Dozens of varieties of cedar trees (Cedrus) exist. All are conifers and belong to the family of Cupressaceae. The wood of the tree is strongly scented. Cedar wood is highly prized because of its resistance to weather, bugs and rot. The varieties commonly grow 70 to 100 feet in height. The western red cedar is a major source of wintertime food for North American big game.
The cedar tree commonly grows in areas of moist soil. It is often found in swamps and other areas of water accumulation. The trees also exist on rocky slopes or amidst mixed conifers. Cedars prefer to be planted in acid-based soils but will grow in clay.
Cones are not produced on the cedar tree until it reaches the age of approximately 10 to 20 years. The tree requires longstanding growth for healthy, viable cones to form. The highest cone production occurs when the tree tops 70 years of age. The tree remains fertile for centuries. It is believed that the tree's lifespan can easily exceed 1,400 years.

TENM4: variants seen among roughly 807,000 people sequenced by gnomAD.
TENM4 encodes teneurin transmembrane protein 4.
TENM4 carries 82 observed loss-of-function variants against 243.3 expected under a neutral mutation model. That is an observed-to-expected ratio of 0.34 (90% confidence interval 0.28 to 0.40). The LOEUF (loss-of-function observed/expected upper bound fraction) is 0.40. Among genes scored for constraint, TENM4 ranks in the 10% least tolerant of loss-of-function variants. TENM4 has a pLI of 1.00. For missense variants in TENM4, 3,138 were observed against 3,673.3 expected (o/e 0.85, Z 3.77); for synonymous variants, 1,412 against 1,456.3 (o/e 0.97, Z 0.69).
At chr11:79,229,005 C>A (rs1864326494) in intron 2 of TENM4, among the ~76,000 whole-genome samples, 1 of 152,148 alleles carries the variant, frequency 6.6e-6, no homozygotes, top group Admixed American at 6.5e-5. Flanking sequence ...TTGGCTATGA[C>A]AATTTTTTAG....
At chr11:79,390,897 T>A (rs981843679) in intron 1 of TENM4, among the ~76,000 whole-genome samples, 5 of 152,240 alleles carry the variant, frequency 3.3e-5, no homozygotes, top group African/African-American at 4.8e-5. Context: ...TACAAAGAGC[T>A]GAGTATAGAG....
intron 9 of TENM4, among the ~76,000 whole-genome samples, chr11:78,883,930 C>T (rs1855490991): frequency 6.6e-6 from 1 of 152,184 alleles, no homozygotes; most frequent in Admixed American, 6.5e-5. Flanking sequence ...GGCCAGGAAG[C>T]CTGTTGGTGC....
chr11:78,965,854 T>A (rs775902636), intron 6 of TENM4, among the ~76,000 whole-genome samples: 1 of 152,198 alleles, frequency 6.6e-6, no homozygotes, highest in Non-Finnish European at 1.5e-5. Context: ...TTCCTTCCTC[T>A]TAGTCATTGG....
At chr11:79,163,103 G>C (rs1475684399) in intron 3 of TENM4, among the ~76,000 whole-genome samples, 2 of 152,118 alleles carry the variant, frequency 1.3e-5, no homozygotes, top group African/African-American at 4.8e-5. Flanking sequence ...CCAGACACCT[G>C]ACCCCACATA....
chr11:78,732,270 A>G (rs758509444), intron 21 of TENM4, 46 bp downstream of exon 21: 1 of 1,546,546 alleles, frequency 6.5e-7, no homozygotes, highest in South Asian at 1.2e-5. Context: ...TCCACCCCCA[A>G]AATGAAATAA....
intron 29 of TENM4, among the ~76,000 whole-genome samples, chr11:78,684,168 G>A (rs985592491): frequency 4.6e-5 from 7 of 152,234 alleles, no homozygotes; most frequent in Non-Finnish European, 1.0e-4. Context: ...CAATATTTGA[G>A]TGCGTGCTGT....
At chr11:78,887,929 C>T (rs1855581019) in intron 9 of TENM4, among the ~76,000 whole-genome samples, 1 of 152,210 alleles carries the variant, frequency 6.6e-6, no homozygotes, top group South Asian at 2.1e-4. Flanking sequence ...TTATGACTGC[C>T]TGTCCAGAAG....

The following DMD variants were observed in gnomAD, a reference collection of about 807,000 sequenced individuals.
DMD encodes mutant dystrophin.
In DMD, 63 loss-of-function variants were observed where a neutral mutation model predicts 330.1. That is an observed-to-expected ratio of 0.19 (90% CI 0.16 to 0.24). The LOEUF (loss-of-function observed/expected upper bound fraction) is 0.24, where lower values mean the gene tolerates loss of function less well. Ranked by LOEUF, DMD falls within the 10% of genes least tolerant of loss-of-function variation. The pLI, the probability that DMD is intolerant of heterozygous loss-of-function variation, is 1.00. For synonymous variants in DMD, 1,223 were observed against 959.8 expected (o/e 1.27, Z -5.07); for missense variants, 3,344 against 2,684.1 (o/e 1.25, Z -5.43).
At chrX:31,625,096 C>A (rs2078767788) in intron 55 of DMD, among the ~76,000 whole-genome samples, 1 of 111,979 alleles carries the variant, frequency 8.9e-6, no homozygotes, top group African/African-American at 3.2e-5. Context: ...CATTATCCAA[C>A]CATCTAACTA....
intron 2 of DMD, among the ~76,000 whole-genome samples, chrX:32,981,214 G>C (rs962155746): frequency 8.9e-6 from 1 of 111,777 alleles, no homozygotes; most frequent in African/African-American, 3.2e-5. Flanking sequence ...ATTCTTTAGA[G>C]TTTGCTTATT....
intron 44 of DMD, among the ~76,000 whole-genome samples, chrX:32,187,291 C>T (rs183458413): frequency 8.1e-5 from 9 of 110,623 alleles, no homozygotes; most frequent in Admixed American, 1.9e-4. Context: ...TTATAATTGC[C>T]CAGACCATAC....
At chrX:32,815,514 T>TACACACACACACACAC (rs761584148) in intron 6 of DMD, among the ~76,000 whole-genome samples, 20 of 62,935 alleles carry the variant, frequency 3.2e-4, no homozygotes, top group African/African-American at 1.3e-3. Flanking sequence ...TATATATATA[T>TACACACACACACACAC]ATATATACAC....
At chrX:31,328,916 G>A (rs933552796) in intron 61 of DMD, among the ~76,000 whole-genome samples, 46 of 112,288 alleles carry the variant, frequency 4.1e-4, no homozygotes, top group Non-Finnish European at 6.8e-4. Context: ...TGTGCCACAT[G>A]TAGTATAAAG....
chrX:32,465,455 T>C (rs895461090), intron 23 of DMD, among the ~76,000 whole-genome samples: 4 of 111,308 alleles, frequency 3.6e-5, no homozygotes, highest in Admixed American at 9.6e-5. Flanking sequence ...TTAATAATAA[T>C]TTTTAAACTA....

Sunlight and Soil
Seedlings enjoy being grown in partial shade, which helps the soil retain moisture. Seedlings flourish in soil that has been slightly tilled or burned. Keep soil moist to offer the ideal start for young trees.
When growing cedars, the seedlings often need to be protected from wildlife using cages or netting because deer or elk will readily graze on the young trees. Rodents and rabbits can also pose a problem and risk to very young trees.
Care and Propagation
Cedar trees enjoy when mulch is added around their base. The mulch helps the soil retain moisture and also keeps weeds at bay that might compete with the tree for valuable nutrients. Propagation is obtained from seeds and cuttings.